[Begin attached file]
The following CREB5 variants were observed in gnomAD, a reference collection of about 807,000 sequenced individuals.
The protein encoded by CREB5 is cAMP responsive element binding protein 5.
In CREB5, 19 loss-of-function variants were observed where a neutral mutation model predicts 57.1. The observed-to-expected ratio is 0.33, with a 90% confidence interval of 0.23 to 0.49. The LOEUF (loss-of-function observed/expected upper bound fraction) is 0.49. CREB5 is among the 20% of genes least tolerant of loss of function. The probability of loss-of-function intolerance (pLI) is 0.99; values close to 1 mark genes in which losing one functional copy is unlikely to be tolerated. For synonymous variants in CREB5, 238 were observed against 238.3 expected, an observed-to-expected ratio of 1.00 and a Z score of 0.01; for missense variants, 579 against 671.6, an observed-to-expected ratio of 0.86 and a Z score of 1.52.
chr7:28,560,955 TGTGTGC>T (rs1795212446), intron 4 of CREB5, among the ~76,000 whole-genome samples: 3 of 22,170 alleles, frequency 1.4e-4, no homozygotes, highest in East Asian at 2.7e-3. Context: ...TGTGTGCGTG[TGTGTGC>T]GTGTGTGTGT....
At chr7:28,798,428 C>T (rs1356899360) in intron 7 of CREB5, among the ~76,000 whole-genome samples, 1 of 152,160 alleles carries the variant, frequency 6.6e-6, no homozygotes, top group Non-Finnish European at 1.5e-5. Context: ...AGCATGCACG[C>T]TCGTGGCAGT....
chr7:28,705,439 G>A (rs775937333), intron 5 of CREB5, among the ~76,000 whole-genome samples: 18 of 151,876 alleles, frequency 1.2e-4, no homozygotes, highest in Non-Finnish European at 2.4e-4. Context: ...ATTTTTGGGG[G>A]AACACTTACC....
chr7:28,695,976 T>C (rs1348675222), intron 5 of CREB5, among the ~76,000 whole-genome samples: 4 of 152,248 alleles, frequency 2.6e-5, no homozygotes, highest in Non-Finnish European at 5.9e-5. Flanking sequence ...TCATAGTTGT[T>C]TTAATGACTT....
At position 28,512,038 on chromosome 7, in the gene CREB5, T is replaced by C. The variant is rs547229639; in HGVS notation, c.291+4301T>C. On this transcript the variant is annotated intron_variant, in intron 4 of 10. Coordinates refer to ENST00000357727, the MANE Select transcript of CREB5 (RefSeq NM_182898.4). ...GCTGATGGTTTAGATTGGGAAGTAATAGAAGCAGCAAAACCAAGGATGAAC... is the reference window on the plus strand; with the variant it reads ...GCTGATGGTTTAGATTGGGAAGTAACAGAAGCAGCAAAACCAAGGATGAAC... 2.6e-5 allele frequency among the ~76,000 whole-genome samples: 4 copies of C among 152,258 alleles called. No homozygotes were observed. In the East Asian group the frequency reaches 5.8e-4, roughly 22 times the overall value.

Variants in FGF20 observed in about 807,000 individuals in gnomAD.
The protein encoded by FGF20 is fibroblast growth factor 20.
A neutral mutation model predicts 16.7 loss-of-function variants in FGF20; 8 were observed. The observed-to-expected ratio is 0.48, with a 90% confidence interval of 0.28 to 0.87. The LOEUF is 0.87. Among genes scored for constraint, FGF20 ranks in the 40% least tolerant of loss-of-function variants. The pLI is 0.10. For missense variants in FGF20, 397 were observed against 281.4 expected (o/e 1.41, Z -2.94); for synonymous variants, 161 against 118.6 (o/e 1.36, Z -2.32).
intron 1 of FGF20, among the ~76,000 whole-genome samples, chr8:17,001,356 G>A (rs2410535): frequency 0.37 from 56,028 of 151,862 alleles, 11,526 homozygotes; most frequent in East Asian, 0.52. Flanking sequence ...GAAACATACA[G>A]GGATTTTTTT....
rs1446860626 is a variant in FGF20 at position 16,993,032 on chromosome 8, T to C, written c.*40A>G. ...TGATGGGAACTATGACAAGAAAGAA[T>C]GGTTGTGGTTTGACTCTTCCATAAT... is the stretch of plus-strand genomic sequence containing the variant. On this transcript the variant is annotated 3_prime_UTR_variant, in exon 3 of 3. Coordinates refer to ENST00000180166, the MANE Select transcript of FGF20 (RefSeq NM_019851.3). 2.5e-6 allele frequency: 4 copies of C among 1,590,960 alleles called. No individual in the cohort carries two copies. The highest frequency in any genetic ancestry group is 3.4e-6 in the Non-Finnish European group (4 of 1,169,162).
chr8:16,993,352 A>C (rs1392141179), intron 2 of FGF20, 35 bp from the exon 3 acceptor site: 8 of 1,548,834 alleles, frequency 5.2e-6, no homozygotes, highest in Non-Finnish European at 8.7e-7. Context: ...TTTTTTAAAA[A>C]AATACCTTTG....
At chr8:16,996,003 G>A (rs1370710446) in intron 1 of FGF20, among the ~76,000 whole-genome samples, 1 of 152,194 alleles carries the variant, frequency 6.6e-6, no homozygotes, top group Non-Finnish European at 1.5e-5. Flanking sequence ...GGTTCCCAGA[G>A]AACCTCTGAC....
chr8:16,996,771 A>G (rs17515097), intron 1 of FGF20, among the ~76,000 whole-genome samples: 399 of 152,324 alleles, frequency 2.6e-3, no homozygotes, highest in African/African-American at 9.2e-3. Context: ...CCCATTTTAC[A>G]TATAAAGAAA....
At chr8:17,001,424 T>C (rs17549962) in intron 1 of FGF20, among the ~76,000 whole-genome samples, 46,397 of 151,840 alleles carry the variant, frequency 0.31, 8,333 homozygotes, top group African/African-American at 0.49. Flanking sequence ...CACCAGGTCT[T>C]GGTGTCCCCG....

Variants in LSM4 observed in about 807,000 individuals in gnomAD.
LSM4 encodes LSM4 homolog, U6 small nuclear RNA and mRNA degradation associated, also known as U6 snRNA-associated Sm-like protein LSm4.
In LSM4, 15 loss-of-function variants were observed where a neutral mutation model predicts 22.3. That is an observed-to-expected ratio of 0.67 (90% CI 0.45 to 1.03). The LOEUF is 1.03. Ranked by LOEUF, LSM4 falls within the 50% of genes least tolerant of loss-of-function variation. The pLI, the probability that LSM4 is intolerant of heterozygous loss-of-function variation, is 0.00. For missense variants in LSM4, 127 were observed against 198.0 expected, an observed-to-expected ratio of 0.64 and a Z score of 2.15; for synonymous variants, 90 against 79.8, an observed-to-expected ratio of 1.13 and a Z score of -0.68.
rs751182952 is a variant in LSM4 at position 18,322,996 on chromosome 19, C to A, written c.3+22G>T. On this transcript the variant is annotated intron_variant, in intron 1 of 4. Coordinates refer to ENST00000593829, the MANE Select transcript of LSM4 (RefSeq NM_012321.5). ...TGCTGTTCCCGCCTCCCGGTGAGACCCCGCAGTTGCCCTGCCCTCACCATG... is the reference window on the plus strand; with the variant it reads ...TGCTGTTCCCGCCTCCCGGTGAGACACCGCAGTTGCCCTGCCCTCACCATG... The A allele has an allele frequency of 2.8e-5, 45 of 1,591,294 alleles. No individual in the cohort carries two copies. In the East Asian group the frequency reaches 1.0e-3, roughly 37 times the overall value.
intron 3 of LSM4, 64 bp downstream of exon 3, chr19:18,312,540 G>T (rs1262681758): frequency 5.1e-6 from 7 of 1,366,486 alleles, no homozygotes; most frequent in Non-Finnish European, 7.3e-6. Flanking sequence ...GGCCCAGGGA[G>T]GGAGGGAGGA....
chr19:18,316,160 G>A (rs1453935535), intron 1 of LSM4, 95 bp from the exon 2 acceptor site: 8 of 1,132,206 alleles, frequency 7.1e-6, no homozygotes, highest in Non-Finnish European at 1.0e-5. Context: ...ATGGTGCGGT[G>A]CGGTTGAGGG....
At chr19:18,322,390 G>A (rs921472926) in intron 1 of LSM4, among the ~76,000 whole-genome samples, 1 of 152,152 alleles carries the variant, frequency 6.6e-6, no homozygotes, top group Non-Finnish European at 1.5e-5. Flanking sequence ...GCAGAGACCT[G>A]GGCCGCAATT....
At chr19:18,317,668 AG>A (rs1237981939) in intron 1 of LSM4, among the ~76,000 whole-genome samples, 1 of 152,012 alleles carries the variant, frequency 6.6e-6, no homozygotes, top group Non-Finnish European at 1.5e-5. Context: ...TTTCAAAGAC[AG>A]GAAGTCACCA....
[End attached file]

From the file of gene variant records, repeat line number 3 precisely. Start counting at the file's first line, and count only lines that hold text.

In CREB5, 19 loss-of-function variants were observed where a neutral mutation model predicts 57.1. The observed-to-expected ratio is 0.33, with a 90% confidence interval of 0.23 to 0.49. The LOEUF (loss-of-function observed/expected upper bound fraction) is 0.49. CREB5 is among the 20% of genes least tolerant of loss of function. The probability of loss-of-function intolerance (pLI) is 0.99; values close to 1 mark genes in which losing one functional copy is unlikely to be tolerated. For synonymous variants in CREB5, 238 were observed against 238.3 expected, an observed-to-expected ratio of 1.00 and a Z score of 0.01; for missense variants, 579 against 671.6, an observed-to-expected ratio of 0.86 and a Z score of 1.52.